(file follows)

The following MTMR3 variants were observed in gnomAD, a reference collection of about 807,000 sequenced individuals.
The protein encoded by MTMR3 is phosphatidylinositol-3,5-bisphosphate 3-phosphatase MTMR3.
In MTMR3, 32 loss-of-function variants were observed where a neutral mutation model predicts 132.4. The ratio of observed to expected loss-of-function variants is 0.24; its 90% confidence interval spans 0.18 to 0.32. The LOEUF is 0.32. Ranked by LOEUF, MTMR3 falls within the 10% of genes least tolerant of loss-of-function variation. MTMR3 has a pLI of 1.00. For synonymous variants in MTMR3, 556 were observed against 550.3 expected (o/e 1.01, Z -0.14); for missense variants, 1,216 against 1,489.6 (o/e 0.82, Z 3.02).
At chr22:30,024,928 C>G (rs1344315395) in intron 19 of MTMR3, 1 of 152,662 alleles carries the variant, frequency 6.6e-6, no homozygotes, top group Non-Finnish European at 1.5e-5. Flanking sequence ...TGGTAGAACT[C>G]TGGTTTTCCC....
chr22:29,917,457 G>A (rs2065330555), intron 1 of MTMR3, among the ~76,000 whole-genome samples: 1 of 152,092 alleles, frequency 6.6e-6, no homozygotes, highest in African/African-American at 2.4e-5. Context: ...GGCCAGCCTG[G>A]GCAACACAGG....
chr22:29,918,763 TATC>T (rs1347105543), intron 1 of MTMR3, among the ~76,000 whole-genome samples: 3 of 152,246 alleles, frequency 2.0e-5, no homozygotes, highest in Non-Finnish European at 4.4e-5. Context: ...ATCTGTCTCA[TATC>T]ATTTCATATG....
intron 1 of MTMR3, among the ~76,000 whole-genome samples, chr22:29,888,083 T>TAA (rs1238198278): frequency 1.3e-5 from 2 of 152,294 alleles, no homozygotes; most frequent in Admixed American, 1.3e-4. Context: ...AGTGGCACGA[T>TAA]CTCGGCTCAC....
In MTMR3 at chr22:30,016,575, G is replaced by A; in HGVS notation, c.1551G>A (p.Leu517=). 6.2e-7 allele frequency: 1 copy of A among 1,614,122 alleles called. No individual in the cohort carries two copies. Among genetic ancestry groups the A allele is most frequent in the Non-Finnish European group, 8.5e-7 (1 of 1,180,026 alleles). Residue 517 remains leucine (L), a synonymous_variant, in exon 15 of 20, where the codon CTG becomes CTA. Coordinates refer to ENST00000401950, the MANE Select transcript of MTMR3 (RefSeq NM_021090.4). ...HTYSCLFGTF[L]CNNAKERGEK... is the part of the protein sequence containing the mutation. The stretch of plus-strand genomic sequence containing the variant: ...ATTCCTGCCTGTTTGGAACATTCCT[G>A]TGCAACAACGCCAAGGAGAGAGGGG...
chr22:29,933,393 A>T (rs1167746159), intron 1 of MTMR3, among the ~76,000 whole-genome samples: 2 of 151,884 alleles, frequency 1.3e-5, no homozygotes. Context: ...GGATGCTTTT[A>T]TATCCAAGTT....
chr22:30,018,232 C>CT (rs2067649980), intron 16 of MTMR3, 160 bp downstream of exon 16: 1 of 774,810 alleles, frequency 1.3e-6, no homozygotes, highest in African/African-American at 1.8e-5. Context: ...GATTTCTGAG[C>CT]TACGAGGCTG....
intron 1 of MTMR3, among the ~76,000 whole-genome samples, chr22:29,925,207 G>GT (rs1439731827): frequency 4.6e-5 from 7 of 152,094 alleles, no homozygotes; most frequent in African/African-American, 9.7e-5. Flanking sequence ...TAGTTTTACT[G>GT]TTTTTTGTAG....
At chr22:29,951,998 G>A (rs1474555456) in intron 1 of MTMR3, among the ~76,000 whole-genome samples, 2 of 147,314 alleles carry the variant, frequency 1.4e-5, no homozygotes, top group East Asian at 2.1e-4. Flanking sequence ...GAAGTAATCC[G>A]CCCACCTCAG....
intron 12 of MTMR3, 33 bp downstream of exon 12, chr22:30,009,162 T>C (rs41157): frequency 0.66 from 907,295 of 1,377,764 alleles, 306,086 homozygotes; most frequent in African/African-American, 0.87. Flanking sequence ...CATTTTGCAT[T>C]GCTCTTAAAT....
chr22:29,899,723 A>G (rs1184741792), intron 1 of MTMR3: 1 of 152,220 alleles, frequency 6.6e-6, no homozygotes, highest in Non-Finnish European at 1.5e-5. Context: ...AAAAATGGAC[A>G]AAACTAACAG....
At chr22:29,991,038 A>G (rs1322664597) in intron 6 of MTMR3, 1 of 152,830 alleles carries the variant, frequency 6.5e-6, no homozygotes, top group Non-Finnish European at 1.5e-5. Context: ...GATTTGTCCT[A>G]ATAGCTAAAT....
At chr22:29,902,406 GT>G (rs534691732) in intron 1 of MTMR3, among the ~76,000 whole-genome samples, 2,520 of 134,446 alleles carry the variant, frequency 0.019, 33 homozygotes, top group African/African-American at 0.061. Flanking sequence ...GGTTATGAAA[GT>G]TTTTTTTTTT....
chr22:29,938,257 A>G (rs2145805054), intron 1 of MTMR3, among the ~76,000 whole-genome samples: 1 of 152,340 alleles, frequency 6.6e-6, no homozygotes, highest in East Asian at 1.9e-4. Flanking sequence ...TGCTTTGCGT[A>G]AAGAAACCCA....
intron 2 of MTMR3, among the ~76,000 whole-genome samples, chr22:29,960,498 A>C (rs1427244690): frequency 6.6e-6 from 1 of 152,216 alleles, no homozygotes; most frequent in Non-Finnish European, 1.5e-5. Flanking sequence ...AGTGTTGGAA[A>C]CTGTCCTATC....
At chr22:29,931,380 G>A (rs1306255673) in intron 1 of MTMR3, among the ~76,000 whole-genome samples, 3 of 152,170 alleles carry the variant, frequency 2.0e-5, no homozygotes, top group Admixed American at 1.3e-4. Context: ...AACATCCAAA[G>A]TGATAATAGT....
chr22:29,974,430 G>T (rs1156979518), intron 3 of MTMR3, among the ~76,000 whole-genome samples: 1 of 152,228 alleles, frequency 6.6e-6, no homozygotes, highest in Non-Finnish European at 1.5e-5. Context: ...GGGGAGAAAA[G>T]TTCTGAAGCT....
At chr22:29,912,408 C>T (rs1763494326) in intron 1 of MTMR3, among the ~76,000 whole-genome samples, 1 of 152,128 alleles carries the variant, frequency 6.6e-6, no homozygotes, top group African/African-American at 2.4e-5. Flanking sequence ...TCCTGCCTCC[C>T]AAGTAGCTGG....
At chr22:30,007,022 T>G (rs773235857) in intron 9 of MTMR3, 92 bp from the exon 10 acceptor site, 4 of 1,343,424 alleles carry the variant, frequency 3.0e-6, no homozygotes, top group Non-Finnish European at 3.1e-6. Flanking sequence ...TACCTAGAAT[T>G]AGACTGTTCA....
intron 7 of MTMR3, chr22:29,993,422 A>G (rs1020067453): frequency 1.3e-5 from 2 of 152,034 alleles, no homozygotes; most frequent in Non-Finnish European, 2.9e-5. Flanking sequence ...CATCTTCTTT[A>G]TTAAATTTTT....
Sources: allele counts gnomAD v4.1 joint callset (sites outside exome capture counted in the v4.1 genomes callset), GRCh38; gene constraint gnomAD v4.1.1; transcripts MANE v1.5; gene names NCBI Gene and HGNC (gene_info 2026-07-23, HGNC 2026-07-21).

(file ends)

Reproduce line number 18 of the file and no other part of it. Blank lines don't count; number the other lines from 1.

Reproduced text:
intron 2 of MTMR3, among the ~76,000 whole-genome samples, chr22:29,960,498 A>C (rs1427244690): frequency 6.6e-6 from 1 of 152,216 alleles, no homozygotes; most frequent in Non-Finnish European, 1.5e-5. Flanking sequence ...AGTGTTGGAA[A>C]CTGTCCTATC....